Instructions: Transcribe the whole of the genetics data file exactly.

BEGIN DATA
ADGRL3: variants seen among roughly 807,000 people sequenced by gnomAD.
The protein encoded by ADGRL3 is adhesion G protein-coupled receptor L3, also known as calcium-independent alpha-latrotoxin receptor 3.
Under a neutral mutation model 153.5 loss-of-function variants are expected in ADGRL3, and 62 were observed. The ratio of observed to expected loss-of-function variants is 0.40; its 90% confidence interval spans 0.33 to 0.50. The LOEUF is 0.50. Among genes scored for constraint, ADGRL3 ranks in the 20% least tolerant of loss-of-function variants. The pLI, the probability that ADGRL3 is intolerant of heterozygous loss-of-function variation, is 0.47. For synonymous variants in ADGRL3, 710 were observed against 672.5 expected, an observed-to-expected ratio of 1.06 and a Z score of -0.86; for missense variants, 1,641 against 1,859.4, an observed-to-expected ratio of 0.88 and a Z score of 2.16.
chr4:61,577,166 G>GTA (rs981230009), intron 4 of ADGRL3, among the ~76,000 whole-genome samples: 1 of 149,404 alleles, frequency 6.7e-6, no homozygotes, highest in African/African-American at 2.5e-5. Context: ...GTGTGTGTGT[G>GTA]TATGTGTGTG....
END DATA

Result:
ADGRL3: variants seen among roughly 807,000 people sequenced by gnomAD.
The protein encoded by ADGRL3 is adhesion G protein-coupled receptor L3, also known as calcium-independent alpha-latrotoxin receptor 3.
Under a neutral mutation model 153.5 loss-of-function variants are expected in ADGRL3, and 62 were observed. The ratio of observed to expected loss-of-function variants is 0.40; its 90% confidence interval spans 0.33 to 0.50. The LOEUF is 0.50. Among genes scored for constraint, ADGRL3 ranks in the 20% least tolerant of loss-of-function variants. The pLI, the probability that ADGRL3 is intolerant of heterozygous loss-of-function variation, is 0.47. For synonymous variants in ADGRL3, 710 were observed against 672.5 expected, an observed-to-expected ratio of 1.06 and a Z score of -0.86; for missense variants, 1,641 against 1,859.4, an observed-to-expected ratio of 0.88 and a Z score of 2.16.
chr4:61,577,166 G>GTA (rs981230009), intron 4 of ADGRL3, among the ~76,000 whole-genome samples: 1 of 149,404 alleles, frequency 6.7e-6, no homozygotes, highest in African/African-American at 2.5e-5. Context: ...GTGTGTGTGT[G>GTA]TATGTGTGTG....